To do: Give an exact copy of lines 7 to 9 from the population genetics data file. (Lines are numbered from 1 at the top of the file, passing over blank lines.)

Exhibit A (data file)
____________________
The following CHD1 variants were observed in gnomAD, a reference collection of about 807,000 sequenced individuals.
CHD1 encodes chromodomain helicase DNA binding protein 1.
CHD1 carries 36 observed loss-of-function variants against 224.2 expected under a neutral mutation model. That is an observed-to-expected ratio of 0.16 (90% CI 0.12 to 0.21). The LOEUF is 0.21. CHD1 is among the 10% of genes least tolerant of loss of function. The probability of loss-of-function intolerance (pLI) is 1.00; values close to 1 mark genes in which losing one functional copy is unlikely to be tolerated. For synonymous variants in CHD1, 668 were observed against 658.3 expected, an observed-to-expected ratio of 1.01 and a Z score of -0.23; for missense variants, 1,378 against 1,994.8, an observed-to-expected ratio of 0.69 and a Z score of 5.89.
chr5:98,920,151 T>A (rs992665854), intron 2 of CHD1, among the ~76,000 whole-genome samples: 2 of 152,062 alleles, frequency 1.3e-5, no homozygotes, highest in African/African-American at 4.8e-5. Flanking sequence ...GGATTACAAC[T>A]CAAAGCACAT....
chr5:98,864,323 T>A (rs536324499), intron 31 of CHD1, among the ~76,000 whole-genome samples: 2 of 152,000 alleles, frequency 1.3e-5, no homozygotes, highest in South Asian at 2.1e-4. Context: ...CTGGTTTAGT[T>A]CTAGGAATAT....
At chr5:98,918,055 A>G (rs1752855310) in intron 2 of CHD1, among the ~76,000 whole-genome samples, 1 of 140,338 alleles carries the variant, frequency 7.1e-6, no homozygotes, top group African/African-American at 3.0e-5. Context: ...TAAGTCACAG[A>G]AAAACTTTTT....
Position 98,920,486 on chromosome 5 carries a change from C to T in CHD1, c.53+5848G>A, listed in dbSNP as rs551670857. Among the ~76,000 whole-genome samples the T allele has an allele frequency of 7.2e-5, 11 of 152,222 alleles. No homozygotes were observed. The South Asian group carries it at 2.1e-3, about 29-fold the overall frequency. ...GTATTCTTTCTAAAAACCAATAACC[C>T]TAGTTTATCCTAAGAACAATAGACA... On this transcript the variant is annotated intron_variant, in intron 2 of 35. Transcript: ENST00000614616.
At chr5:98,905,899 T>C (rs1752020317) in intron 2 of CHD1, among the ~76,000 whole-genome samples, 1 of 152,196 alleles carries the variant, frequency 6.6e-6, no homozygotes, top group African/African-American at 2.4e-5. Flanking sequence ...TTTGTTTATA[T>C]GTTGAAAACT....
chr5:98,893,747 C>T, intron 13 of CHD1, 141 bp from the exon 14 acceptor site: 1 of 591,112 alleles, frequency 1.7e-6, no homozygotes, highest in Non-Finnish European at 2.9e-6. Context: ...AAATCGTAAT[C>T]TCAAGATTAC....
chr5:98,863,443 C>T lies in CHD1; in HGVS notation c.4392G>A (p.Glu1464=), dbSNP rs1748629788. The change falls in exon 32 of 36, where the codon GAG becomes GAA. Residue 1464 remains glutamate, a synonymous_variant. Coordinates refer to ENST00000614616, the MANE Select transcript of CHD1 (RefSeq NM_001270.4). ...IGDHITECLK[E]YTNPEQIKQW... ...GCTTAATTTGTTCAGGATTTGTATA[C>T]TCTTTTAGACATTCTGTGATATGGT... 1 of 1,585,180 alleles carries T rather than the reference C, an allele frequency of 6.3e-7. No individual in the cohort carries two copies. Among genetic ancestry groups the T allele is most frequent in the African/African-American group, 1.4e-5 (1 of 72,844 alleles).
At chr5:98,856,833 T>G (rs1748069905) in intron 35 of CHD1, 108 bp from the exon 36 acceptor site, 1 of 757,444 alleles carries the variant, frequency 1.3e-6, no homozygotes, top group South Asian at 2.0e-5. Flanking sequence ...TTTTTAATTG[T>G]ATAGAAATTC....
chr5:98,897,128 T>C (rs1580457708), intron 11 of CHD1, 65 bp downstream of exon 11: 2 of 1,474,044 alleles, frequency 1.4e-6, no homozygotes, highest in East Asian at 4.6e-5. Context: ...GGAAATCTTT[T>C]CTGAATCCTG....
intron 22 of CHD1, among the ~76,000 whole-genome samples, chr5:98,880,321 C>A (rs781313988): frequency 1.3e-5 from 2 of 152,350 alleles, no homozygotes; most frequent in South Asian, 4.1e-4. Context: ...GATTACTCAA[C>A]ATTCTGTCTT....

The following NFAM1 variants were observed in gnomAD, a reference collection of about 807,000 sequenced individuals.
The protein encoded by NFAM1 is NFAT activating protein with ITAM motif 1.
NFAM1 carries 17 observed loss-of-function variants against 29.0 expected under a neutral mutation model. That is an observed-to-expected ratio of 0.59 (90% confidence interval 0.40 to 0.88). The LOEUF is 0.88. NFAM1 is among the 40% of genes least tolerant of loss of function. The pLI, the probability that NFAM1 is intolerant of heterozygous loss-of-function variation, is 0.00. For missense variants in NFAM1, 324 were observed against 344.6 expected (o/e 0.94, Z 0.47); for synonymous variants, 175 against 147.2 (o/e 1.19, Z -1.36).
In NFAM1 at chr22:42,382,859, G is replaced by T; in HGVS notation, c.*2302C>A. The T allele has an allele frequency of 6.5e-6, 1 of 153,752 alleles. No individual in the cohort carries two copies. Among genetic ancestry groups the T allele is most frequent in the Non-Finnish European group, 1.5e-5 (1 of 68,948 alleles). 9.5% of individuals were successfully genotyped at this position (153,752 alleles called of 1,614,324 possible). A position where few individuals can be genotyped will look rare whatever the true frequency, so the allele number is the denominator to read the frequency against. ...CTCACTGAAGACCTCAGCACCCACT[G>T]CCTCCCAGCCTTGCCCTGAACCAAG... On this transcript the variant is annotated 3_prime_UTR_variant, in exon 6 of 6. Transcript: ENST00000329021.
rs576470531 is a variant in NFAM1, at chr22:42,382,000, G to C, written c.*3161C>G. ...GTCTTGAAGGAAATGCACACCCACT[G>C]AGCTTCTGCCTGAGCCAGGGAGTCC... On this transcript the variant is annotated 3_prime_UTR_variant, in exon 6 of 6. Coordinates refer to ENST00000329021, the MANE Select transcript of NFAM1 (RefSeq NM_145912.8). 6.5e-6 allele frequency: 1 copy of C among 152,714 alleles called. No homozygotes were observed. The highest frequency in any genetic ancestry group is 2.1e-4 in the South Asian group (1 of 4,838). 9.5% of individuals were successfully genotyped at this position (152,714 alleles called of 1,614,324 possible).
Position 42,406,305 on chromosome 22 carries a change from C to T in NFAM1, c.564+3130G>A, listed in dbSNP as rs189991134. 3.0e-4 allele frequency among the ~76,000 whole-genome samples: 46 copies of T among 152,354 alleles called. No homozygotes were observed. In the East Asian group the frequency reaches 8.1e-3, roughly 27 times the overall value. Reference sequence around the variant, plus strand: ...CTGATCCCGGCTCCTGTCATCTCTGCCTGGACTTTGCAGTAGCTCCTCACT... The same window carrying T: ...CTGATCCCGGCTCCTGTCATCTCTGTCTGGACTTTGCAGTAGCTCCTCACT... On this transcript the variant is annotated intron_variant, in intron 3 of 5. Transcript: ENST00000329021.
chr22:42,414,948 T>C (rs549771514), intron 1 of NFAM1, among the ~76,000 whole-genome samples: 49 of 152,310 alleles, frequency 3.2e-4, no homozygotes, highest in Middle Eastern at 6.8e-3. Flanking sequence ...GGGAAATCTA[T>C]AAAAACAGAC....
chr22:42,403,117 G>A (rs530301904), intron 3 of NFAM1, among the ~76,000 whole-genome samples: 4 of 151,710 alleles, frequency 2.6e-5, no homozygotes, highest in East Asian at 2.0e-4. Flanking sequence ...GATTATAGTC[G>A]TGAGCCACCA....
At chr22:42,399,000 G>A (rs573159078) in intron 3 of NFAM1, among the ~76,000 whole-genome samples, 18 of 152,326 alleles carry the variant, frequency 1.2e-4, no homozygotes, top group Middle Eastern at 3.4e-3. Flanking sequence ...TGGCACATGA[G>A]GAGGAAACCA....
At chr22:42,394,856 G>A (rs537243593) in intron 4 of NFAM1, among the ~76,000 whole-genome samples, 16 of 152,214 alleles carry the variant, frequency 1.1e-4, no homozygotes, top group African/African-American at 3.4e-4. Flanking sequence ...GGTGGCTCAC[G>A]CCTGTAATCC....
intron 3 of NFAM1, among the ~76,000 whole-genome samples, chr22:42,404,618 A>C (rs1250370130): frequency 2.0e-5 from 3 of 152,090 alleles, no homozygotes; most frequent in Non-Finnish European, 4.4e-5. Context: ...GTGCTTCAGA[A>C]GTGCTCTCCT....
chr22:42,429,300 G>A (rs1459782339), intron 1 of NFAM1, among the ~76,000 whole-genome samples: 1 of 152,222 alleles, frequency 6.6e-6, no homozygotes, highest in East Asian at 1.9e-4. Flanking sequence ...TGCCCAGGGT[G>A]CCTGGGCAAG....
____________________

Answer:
Position 98,920,486 on chromosome 5 carries a change from C to T in CHD1, c.53+5848G>A, listed in dbSNP as rs551670857. Among the ~76,000 whole-genome samples the T allele has an allele frequency of 7.2e-5, 11 of 152,222 alleles. No homozygotes were observed. The South Asian group carries it at 2.1e-3, about 29-fold the overall frequency. ...GTATTCTTTCTAAAAACCAATAACC[C>T]TAGTTTATCCTAAGAACAATAGACA... On this transcript the variant is annotated intron_variant, in intron 2 of 35. Transcript: ENST00000614616.
At chr5:98,905,899 T>C (rs1752020317) in intron 2 of CHD1, among the ~76,000 whole-genome samples, 1 of 152,196 alleles carries the variant, frequency 6.6e-6, no homozygotes, top group African/African-American at 2.4e-5. Flanking sequence ...TTTGTTTATA[T>C]GTTGAAAACT....
chr5:98,893,747 C>T, intron 13 of CHD1, 141 bp from the exon 14 acceptor site: 1 of 591,112 alleles, frequency 1.7e-6, no homozygotes, highest in Non-Finnish European at 2.9e-6. Context: ...AAATCGTAAT[C>T]TCAAGATTAC....